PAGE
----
Malthrop feels honored to be included in the display.

“I’m very excited about this induction and being part of this group and this exhibit,” he said.

He hopes his children will follow in his footsteps to become the fourth generation of Moulthrop woodturners.

You May Like

Photogallery Oxfam: Ebola Could Be 'Disaster of Our Generation'

Meanwhile, Fidel Castro, the former leader of Cuba, says the Caribbean island nation will 'gladly cooperate' with the US in the fight against Ebola in West Africa More

Multimedia Kobani Fighting Sends 400,000 Refugees to Turkey

Refugees receive help from Turkish authorities and individuals, but say much more is needed More

India’s Ruling Nationalist Party Makes Gains in Regional Elections

Bharatiya Janata Party’s huge margin over its rivals puts it on course to form governments in the northern Haryana and western Maharashtra states More

Featured Videos

Your JavaScript is turned off or you have an old version of Adobe's Flash Player. Get the latest Flash player.
Exclusive: American Joins Kurds' Anti-IS Fighti
X
Zana Omer
October 18, 2014 6:37 PM
The United States and other Western nations have expressed alarm about their citizens joining Islamic State forces in Syria and Iraq. In a rare counterpoint to the phenomenon, an American has taken up arms with the militants' Syrian Kurdish opponents. Elizabeth Arrott has more in this exclusive profile by VOA Kurdish reporter Zana Omer in Ras al Ayn, Syria.
Video

Video Exclusive: American Joins Kurds' Anti-IS Fight

The United States and other Western nations have expressed alarm about their citizens joining Islamic State forces in Syria and Iraq. In a rare counterpoint to the phenomenon, an American has taken up arms with the militants' Syrian Kurdish opponents. Elizabeth Arrott has more in this exclusive profile by VOA Kurdish reporter Zana Omer in Ras al Ayn, Syria.
Video

Video South Korea Confronts Violence Within Military Ranks

Every able-bodied South Korean male between 18 and 35 must serve for 21 to 36 months in the country’s armed forces, depending upon the specific branch. For many, service is a rite of passage to manhood. But there are growing concerns that bullying and violence come along with the tradition. Reporter Jason Strother has more from Seoul.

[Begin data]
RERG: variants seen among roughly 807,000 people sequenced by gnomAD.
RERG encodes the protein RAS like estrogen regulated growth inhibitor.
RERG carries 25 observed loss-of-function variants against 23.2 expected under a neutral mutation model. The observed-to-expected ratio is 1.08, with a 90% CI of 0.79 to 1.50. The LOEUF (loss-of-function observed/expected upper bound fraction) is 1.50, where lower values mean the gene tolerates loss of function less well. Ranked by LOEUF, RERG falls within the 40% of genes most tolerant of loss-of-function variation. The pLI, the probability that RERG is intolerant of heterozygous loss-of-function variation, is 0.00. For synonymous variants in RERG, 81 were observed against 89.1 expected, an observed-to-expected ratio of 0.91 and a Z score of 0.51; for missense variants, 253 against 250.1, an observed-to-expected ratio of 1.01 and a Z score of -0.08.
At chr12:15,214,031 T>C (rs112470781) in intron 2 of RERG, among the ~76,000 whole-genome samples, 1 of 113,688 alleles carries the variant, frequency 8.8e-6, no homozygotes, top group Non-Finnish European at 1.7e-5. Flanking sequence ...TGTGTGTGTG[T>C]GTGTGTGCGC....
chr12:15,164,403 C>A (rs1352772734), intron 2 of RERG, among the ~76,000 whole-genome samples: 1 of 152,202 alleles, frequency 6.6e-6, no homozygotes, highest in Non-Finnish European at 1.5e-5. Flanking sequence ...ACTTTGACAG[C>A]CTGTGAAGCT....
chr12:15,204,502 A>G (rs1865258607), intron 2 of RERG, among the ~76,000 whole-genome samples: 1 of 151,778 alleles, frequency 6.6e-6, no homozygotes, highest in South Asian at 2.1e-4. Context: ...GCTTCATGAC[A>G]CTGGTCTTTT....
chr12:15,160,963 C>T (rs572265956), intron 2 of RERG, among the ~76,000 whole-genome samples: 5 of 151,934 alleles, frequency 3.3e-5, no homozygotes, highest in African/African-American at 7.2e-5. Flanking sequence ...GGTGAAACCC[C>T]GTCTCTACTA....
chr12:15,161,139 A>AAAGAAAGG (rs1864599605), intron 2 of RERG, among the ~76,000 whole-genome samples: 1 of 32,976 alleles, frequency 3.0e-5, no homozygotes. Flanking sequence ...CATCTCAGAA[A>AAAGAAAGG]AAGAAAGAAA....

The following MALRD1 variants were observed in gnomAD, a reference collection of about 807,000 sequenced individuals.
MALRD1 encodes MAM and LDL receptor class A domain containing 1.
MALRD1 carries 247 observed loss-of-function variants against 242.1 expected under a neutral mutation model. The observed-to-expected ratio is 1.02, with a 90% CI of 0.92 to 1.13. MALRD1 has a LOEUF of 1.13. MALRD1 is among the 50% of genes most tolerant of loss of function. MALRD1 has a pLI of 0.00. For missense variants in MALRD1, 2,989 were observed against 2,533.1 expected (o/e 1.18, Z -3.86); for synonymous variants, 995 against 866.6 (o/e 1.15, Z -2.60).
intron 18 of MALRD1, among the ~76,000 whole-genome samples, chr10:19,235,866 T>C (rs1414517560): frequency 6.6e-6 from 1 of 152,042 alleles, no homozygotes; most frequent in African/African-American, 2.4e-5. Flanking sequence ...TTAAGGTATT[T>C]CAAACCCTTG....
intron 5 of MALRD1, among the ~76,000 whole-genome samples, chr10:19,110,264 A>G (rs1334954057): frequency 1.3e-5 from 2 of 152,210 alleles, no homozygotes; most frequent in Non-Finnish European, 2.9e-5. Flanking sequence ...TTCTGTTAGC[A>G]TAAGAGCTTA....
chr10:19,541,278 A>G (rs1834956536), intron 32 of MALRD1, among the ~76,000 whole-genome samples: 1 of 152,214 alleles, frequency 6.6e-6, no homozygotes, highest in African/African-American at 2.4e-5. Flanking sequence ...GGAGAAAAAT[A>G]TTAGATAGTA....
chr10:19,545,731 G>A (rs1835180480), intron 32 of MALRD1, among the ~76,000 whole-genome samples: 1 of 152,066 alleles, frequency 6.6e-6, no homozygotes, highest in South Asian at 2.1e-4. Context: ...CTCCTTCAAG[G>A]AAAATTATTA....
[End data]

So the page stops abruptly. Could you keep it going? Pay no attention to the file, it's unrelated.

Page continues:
Video

Video Comanche People Maintain Pride in Their Heritage

The Comanche (Indian nation) once were called the “Lords of the Plains,” with an empire that included half the land area of current day Texas, large parts of Oklahoma, New Mexico, Kansas and Colorado.The fierceness and battle prowess of these warriors on horseback delayed the settlement of most of West Texas for four decades. VOA’s Greg Flakus reports from Lawton, Oklahoma, that while their warrior days are over, the 15,000 members of the Comanche Nation remain a proud people.
Video

Video Turkey Campus Attacks Raise Islamic Radicalization Fears

Concerns are growing in Turkey of Islamic radicalization at some universities, after clashes between supporters of the jihadist group Islamic State (IS) or ISIS, and those opposed to the extremists. Pro-jihadist literature is on sale openly on the streets of Istanbul. Critics accuse the government of turning a blind eye to radicalism at home, while Kurds accuse the president of supporting IS - a charge strongly denied. Henry Ridgwell reports from London.
Video

Video Syrian Defector Leaks Shocking Photos of Torture Victims

Shocking photographs purporting to show Syrian torture victims are on display at the U.S. Holocaust Memorial Museum in Washington. The museum says the graphic images are among thousands of photographs recently smuggled out of Syria by a military policeman-turned-defector. As VOA reporter Julie Taboh reports, the museum says the photos provide further evidence of atrocities committed by the government of Syrian President Bashar al-Assad against its own people.